A Midsummer Night's Dream

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Wordsworth Editions, 1992 - Počet stran: 83

Edited, Introduced and Annotated by Cedric Watts, M.A., Ph.D., Emeritus Professor of English, University of Sussex.

The Wordsworth Classics' Shakespeare Series, with Romeo and Juliet, Henry V and The Merchant of Venice as its inaugural volumes, presents a newly-edited sequence of William Shakespeare's works. The textual editing takes account of recent scholarship while giving the material a careful reappraisal.

Its lyricism, comedy (both broad and subtle) and magical transformations have long made A Midsummer Night's Dream one of the most popular of Shakespeare's works. The supernatural and the mundane, the illusory and the substantial, are all shimmeringly blended. Love is treated as tragic, poignant, absurd and farcical. 'Lord, what fools these mortals be!', jeers Robin Goodfellow; but the joke may be on him and on his master Oberon when Bottom the weaver, his head transformed into that of an ass, is embraced by the voluptuously amorous Titania.

Recent stage-productions of A Midsummer Night's Dream have emphasised the enchanting, spectacular, ambiguous and erotically joyous aspects of this magical drama which culminates in a multiple celebration of marriage.

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A midsummer night's dream

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One in a series of new editions of Shakespeare's plays, A Midsummer Night's Dream is suitable for use in high schools and compares very favorably with other editions currently available. The text is ... Přečíst celou recenzi

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O autorovi (1992)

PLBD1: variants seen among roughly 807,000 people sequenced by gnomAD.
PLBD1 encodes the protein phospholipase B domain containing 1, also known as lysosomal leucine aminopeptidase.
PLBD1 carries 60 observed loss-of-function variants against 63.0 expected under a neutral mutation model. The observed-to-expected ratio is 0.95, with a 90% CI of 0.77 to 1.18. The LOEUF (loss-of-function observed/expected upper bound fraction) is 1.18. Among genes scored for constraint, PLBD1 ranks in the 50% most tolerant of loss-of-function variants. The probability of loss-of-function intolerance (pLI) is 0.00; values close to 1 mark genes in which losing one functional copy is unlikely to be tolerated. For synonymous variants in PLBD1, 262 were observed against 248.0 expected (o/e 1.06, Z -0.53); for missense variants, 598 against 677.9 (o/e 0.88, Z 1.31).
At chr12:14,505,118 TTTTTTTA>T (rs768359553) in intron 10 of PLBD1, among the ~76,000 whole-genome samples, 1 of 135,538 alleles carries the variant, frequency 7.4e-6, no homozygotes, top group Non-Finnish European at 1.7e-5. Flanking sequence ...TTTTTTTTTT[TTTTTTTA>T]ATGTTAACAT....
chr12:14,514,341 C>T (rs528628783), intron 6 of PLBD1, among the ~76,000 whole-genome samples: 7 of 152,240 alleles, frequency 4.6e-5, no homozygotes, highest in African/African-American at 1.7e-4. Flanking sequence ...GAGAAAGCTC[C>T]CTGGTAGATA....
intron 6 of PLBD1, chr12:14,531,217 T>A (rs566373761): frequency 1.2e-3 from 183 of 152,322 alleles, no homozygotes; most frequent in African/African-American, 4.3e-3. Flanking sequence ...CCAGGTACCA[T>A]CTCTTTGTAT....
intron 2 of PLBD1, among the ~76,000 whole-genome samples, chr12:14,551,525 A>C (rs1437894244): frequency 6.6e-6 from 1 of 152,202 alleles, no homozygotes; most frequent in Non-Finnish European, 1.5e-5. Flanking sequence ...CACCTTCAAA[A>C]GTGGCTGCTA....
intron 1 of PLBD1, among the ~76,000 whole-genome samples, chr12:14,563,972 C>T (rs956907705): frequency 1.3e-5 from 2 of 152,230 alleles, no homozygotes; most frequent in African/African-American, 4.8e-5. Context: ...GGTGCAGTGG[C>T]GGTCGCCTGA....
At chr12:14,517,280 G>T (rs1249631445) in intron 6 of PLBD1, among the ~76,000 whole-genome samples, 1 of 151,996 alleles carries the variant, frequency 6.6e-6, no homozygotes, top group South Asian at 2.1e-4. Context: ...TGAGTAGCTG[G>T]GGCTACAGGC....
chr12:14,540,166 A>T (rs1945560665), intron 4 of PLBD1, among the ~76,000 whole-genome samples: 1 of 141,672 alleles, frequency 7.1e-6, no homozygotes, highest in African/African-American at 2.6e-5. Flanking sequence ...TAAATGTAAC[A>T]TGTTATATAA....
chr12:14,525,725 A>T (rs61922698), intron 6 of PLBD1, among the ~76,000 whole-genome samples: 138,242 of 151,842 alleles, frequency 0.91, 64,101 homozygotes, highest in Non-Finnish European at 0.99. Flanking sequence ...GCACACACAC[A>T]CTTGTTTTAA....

William Shakespeare, 1564 - 1616 Although there are many myths and mysteries surrounding William Shakespeare, a great deal is actually known about his life. He was born in Stratford-Upon-Avon, son of John Shakespeare, a prosperous merchant and local politician and Mary Arden, who had the wealth to send their oldest son to Stratford Grammar School. At 18, Shakespeare married Anne Hathaway, the 27-year-old daughter of a local farmer, and they had their first daughter six months later. He probably developed an interest in theatre by watching plays performed by traveling players in Stratford while still in his youth. Some time before 1592, he left his family to take up residence in London, where he began acting and writing plays and poetry. By 1594 Shakespeare had become a member and part owner of an acting company called The Lord Chamberlain's Men, where he soon became the company's principal playwright. His plays enjoyed great popularity and high critical acclaim in the newly built Globe Theatre. It was through his popularity that the troupe gained the attention of the new king, James I, who appointed them the King's Players in 1603. Before retiring to Stratford in 1613, after the Globe burned down, he wrote more than three dozen plays (that we are sure of) and more than 150 sonnets. He was celebrated by Ben Jonson, one of the leading playwrights of the day, as a writer who would be "not for an age, but for all time," a prediction that has proved to be true. Today, Shakespeare towers over all other English writers and has few rivals in any language. His genius and creativity continue to astound scholars, and his plays continue to delight audiences. Many have served as the basis for operas, ballets, musical compositions, and films. While Jonson and other writers labored over their plays, Shakespeare seems to have had the ability to turn out work of exceptionally high caliber at an amazing speed. At the height of his career, he wrote an average of two plays a year as well as dozens of poems, songs, and possibly even verses for tombstones and heraldic shields, all while he continued to act in the plays performed by the Lord Chamberlain's Men. This staggering output is even more impressive when one considers its variety. Except for the English history plays, he never wrote the same kind of play twice. He seems to have had a good deal of fun in trying his hand at every kind of play. Shakespeare wrote 154 sonnets, all published on 1609, most of which were dedicated to his patron Henry Wriothsley, The Earl of Southhampton. He also wrote 13 comedies, 13 histories, 6 tragedies, and 4 tragecomedies. He died at Stratford-upon-Avon April 23, 1616, and was buried two days later on the grounds of Holy Trinity Church in Stratford. His cause of death was unknown, but it is surmised that he knew he was dying.

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